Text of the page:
The agreement has sparked debate, with many balking at the treatment’s price, regardless of impressive clinical results of 83% remission in patients. OBC may be the solution that reestablishes value’s prominence over price, while also potentially helping to mitigate pharma’s negative reputation.

Navigating Contract Challenges

While OBC’s are a good idea in theory, manufacturers face a myriad of challenges before engaging in such a contract. Initially, manufacturers must determine whether a drug is a suitable candidate for an OBC. For example, the drug should have an agreed-upon measure within a period of time. Drugs prescribed for pain management can be especially difficult to measure its result, as pain tolerance varies between individuals. Typically, an OBC is most effective if the outcome is something palpable, like a reduction in hospital readmissions.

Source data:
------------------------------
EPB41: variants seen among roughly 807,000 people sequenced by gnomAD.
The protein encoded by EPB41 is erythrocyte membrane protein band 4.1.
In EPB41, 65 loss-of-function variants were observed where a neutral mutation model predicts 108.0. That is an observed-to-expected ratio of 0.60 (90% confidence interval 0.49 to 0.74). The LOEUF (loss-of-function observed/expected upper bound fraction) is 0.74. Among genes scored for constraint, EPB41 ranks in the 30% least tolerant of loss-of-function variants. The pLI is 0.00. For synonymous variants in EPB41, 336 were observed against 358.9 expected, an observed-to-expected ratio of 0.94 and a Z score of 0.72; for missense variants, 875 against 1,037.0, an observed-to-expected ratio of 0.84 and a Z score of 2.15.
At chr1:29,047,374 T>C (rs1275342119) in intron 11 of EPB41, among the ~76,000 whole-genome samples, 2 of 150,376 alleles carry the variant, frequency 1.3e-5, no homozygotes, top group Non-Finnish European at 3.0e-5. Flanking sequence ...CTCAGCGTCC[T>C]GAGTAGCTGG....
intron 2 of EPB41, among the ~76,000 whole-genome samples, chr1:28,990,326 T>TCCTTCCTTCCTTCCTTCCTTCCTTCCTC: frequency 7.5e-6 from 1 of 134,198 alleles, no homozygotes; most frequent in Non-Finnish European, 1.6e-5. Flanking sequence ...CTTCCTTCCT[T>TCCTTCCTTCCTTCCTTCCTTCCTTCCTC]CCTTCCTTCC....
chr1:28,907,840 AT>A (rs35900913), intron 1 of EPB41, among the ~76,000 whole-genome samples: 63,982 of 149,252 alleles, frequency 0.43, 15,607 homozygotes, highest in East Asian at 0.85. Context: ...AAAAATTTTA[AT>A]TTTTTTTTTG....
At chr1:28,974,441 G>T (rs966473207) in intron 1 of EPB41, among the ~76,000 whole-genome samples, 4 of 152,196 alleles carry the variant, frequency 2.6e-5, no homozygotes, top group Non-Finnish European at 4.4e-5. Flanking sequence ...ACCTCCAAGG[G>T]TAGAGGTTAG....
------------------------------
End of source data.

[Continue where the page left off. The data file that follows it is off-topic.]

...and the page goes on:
Clinical trials also contribute complications to the process. While manufacturers spend countless resources to research, develop, and support a product throughout the FDA approval process, the clinical trial results depict a highly controlled patient demographic. A drug’s performance in the real world is therefore difficult to forecast, given trial limitations. Patients may react differently to the same drug as well, leading to further complications in the contract process.

Additionally, in order for OBC’s to come to fruition, manufacturers must closely collaborate with payers and providers, of which there still remains hesitancy between parties. While both participants in the contract want to succeed, little trust for pharmaceutical companies seemingly exists.

Manufacturers are therefore tasked with convincing payers that the controlled clinical trial results will mirror those in the real world and that they have complete confidence of their drug’s performance. Moreover, many companies are still in the gathering stages of outcomes-based contracting as they consider specific drugs to include along with the right payer to enter into a contract with.